The term “codependency” is a touchy topic. To others, it’s a term that might be used to describe a reasonable collection of actions taken by a family while dealing with substance abuse issue. Others see it as a mental illness that occurs as a result of a long-term drug abuse epidemic. Others believe the disease does not exist.
We are not supposed to grow up learning how to diagnose and identify mental health issues in each other’s families. That’s the type of work that you shouldn’t try to handle yourself; that’s something that you should leave the professionals in charge of. Codependency patterns begin to emerge in a family, and when they do, the family should act to intervene.
Vital Codependent Behaviors
This Set of Behaviors Can Be Correlated with Codependency:
- Taking on too much
- Desperately trying to be liked.
- Blurry boundaries
- Feelings that go too far
- Attempts to fix others
- A need for control
- Fear of rejection
- Relationship difficulties
What Are Some Symptoms of Codependency?
The signs and symptoms of codependency harm both the addict and the person who is attempting to help them.
This Unhealthy Behavior Pattern Normally Includes the Following:
- Struggling to make decisions in a relationship
- Finding it difficult to pinpoint your own emotions
- Communicating poorly
- Having difficulty establishing healthy boundaries
- Not trusting yourself and experiencing pervasive low self-esteem
- Gaining more from the approval of others than from yourself
- Having an obsessive fear of abandonment
- Putting other people’s needs before your own
- Feeling an exaggerated sense of responsibility for other people, to your own detriment
An addict prioritizes the well-being of the other individual over their interests and will do anything it takes to enhance relationships, even though it is complicated and toxic. These people do everything possible to keep you involved in the relationship, not to mention the fear of being rejected.
Codependency can be referred to as a condition in which a person is emotionally reliant on another person. The thoughts, emotions, and attitudes of others have a significant impact on most codependent people. This obsession often leads to, emotionally manipulative, or dysfunctional relationships. Codependency and substance abuse have been associated since the term “codependent” was coined to identify family members and friends of individuals with drug use disorders.
Enabling can take many forms, but it is most commonly provided by a spouse or parent. In these situations, the addict knows how to get the other person to react in a certain way. Because of how substance abuse disorders affect the brain, people who suffer from them are more likely to go to any length to get their fix. This includes lying, dishonesty, and manipulation, even if the person has never displayed these characteristics before..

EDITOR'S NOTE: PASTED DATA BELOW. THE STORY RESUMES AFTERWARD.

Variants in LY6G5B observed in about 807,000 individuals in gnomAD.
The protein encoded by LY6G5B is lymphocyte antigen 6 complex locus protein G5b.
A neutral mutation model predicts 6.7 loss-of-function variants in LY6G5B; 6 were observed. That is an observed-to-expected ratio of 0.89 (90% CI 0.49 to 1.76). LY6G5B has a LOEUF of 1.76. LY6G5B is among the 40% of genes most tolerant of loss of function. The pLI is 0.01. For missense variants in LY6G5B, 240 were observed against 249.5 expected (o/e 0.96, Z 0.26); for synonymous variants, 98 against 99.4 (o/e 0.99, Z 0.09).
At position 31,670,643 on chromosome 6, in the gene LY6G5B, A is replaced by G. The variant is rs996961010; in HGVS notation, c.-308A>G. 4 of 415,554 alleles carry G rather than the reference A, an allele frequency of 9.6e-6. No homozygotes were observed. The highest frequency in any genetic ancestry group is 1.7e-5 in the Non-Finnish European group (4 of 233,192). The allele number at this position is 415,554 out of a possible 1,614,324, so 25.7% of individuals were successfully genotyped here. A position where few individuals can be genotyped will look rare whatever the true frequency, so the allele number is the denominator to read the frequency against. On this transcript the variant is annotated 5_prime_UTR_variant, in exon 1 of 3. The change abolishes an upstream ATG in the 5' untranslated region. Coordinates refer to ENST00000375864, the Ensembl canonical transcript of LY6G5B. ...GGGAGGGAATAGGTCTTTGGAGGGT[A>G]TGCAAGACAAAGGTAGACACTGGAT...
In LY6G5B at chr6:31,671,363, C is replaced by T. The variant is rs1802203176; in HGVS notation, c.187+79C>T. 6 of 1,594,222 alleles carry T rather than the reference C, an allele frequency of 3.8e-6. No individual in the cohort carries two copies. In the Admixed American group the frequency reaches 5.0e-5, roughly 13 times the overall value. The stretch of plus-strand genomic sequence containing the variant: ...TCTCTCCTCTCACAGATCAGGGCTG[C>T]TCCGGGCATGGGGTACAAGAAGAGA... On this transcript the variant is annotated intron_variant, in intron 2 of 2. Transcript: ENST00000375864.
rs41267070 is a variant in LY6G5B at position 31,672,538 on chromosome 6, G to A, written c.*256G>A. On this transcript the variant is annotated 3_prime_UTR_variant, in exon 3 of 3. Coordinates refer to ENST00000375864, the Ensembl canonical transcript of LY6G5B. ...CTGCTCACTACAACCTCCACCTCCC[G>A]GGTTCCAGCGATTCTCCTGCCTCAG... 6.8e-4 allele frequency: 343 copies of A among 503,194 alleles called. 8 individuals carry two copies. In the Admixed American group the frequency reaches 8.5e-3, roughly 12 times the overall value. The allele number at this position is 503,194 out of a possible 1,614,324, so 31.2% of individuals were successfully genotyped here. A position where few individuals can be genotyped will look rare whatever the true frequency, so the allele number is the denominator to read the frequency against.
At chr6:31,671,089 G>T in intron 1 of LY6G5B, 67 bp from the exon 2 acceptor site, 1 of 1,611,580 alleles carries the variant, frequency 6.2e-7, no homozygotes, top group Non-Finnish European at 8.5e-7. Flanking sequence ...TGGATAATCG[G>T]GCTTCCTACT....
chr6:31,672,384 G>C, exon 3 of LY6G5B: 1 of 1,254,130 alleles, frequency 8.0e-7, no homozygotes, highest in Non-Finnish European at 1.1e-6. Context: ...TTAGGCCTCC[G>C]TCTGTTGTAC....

Arguing back and forth is another way of enabling when the two parties involved have a strained relationship. In this situation, the addict unwittingly seeks out arguments and then uses the discomfort they are experiencing as an excuse to continue their unhealthy conduct. In any case, family counselling will assist you in making the required improvements, no matter how difficult a relationship has become.
Alcoholism and Codependency
Codependency and alcoholism are both difficult to conquer and are both harmful to relationships. In certain instances, the supporting partner unwittingly supports their spouse’s alcoholism, either through tacitly embracing or deliberately maintaining it. A wife whose husband has an alcohol problem, for example, could get him alcohol so he doesn’t have to drive while inebriated to get it. This enabling cycle usually continues until serious effects, such as hospitalization or death, occur.
Is It Possible for Codependency to Result in Drug Addiction?
Codependency may play a role in substance or alcohol abuse. Even if the codependent individual enables the addict, it’s likely that they’ll use drugs or other substances with the person on whom they’re dependent to feel linked.
Impact of Drug Abuse on Codependency
Codependent relationships are exacerbated by substance abuse. The “enabler” in a codependent relationship is usually willing to fulfill their significant other’s needs, regardless of how it affects their or their partner’s well-being. If their partner, dubbed the “manipulator,” is addicted to drugs or alcohol, they may try to protect them by concealing or supporting their addiction.
Codependency and Co-Occurring Substance Abuse Disorders Treatment
To recover, it usually begins with one of the codependent partners admitting there is a problem. Although this may be accomplished without the assistance, advice, or interference of family and friend, it is generally not the case.
Theories Relating to Codependency
A recent study published in the scientific journal Substance Use and Misuse suggests that a history of parental alcoholism could contribute to the development of disruptive behavior typical for people of adolescent years, but this could seem quite difficult to understand on the surface. People growing up in alcoholic families may not learn how to manage intimate relationships before entering adulthood. Thus, they may fail to develop the social skills they need to thrive in a social situation. Some psychiatric researchers consider codependent behavior a hedonistic reaction to traumatic childhood experiences that could lead to codependency behavior.